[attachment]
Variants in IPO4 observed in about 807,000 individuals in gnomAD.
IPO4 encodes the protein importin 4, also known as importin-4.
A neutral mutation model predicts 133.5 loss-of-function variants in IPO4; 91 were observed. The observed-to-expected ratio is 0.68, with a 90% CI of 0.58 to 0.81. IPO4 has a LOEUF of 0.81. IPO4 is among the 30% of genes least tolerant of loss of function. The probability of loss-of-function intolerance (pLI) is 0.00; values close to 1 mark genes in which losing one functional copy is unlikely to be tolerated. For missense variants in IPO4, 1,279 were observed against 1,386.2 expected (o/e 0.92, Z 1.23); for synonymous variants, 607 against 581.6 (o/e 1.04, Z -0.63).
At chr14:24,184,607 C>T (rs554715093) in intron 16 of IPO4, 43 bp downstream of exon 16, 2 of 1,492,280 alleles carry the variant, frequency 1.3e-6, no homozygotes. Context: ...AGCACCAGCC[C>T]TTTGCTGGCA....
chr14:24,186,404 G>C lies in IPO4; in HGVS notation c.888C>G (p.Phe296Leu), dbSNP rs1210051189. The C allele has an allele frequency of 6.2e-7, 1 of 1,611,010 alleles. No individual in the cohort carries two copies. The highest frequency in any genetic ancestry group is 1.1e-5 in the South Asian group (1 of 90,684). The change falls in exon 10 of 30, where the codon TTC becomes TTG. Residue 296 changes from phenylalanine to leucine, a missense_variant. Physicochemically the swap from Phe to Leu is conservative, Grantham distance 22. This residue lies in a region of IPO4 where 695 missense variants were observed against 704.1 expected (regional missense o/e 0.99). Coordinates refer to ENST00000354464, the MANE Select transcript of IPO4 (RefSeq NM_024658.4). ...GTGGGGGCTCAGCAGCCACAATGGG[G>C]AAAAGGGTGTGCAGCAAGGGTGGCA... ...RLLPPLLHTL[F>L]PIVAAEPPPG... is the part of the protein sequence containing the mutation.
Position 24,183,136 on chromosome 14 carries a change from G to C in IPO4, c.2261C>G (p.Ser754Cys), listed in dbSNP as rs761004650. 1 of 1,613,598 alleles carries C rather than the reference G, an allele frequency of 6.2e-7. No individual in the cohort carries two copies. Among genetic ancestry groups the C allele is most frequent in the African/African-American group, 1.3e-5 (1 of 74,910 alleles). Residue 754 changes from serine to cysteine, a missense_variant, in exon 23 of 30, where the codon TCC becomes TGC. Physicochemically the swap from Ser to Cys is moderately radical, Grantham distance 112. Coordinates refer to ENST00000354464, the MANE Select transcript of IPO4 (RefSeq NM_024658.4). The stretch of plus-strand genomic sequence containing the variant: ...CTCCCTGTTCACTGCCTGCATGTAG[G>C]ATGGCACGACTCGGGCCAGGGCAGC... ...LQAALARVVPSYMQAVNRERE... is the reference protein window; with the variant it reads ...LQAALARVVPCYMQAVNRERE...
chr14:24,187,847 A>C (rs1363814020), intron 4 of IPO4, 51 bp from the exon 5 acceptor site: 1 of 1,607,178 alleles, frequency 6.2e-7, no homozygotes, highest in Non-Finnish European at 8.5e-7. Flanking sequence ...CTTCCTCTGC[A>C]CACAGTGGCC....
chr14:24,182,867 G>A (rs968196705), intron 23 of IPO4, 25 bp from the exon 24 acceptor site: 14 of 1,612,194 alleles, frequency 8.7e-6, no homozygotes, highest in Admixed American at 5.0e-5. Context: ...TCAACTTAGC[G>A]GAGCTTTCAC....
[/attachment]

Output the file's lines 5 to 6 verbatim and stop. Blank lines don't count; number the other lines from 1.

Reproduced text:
chr14:24,186,404 G>C lies in IPO4; in HGVS notation c.888C>G (p.Phe296Leu), dbSNP rs1210051189. The C allele has an allele frequency of 6.2e-7, 1 of 1,611,010 alleles. No individual in the cohort carries two copies. The highest frequency in any genetic ancestry group is 1.1e-5 in the South Asian group (1 of 90,684). The change falls in exon 10 of 30, where the codon TTC becomes TTG. Residue 296 changes from phenylalanine to leucine, a missense_variant. Physicochemically the swap from Phe to Leu is conservative, Grantham distance 22. This residue lies in a region of IPO4 where 695 missense variants were observed against 704.1 expected (regional missense o/e 0.99). Coordinates refer to ENST00000354464, the MANE Select transcript of IPO4 (RefSeq NM_024658.4). ...GTGGGGGCTCAGCAGCCACAATGGG[G>C]AAAAGGGTGTGCAGCAAGGGTGGCA... ...RLLPPLLHTL[F>L]PIVAAEPPPG... is the part of the protein sequence containing the mutation.
Position 24,183,136 on chromosome 14 carries a change from G to C in IPO4, c.2261C>G (p.Ser754Cys), listed in dbSNP as rs761004650. 1 of 1,613,598 alleles carries C rather than the reference G, an allele frequency of 6.2e-7. No individual in the cohort carries two copies. Among genetic ancestry groups the C allele is most frequent in the African/African-American group, 1.3e-5 (1 of 74,910 alleles). Residue 754 changes from serine to cysteine, a missense_variant, in exon 23 of 30, where the codon TCC becomes TGC. Physicochemically the swap from Ser to Cys is moderately radical, Grantham distance 112. Coordinates refer to ENST00000354464, the MANE Select transcript of IPO4 (RefSeq NM_024658.4). The stretch of plus-strand genomic sequence containing the variant: ...CTCCCTGTTCACTGCCTGCATGTAG[G>C]ATGGCACGACTCGGGCCAGGGCAGC... ...LQAALARVVPSYMQAVNRERE... is the reference protein window; with the variant it reads ...LQAALARVVPCYMQAVNRERE...